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Gravitation and Binomial Expansion

  1. Oct 28, 2014 #1
    1. The problem statement, all variables and given/known data
    Use the binomial expansion (1± x)n = 1± nx + (n(n-1)/2) x2 ±....
    to show that the value of g is altered by approximately Δg ≈ -2g(Δr/rE) at a height Δr above the Earth's surface, where rE is the radius of the Earth, as long as Δr<<rE

    2. Relevant equations

    g=GM/r2

    3. The attempt at a solution
    I had completely forgotten binomial expansions, so I looked it up and found an equation that seemed to apply:
    x=Δr/rE
    and then
    (Δr±rE) = rEn(1±Δr/rE)n
    I plugged this into the equation for gravitational acceleration and got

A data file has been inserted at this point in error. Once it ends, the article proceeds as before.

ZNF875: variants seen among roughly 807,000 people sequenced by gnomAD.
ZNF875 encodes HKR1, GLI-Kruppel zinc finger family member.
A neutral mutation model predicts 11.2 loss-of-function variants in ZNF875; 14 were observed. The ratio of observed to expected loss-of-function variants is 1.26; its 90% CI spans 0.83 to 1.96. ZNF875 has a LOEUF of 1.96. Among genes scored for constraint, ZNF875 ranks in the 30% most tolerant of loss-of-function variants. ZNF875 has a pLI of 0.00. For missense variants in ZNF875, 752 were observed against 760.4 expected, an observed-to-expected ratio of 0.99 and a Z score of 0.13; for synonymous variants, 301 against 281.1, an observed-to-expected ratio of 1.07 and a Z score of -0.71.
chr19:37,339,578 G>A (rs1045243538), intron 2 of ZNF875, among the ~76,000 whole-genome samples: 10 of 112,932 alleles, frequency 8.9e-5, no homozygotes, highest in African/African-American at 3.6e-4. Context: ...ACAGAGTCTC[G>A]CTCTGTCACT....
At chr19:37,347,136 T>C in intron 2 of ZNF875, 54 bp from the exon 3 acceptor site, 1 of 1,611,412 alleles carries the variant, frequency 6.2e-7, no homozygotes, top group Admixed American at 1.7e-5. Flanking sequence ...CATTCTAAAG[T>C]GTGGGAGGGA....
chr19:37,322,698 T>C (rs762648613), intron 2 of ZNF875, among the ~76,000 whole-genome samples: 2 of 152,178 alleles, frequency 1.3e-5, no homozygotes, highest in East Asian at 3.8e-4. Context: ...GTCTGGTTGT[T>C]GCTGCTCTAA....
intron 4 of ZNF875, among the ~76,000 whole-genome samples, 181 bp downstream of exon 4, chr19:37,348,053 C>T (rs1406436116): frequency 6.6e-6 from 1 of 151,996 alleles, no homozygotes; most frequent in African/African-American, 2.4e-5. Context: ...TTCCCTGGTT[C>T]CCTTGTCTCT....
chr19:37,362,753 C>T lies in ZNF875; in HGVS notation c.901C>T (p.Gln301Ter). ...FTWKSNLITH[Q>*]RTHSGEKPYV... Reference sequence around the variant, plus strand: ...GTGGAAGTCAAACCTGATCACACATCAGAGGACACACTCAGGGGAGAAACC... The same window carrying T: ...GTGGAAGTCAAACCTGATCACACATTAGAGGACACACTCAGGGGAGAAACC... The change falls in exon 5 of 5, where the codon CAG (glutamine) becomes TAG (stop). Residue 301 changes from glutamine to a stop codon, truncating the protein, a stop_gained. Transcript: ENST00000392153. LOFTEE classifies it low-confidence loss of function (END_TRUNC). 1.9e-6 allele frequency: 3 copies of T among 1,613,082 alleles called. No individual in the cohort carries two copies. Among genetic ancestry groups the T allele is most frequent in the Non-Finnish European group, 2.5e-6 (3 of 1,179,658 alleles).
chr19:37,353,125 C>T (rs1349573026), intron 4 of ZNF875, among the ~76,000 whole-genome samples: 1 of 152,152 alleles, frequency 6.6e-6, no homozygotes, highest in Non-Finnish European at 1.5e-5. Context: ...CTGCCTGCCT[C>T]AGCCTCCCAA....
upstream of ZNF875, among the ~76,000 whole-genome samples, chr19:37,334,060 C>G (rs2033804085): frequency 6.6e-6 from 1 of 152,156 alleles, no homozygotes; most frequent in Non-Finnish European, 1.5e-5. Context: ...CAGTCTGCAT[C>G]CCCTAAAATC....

g=GM/[rEn(1±Δr/rE)n]2
    I'm not sure if I should substitute 2 for the n? Honestly I'm not sure where to go from here at all. Hopefully I did something correctly? (Note: this is my first time on Physics Forums, so I hope I formatted this correctly and everything)

    Any help would be appreciated, thank you :)
     
  2. jcsd
  3. Oct 28, 2014 #2
    Never mind, I figured it out!
     
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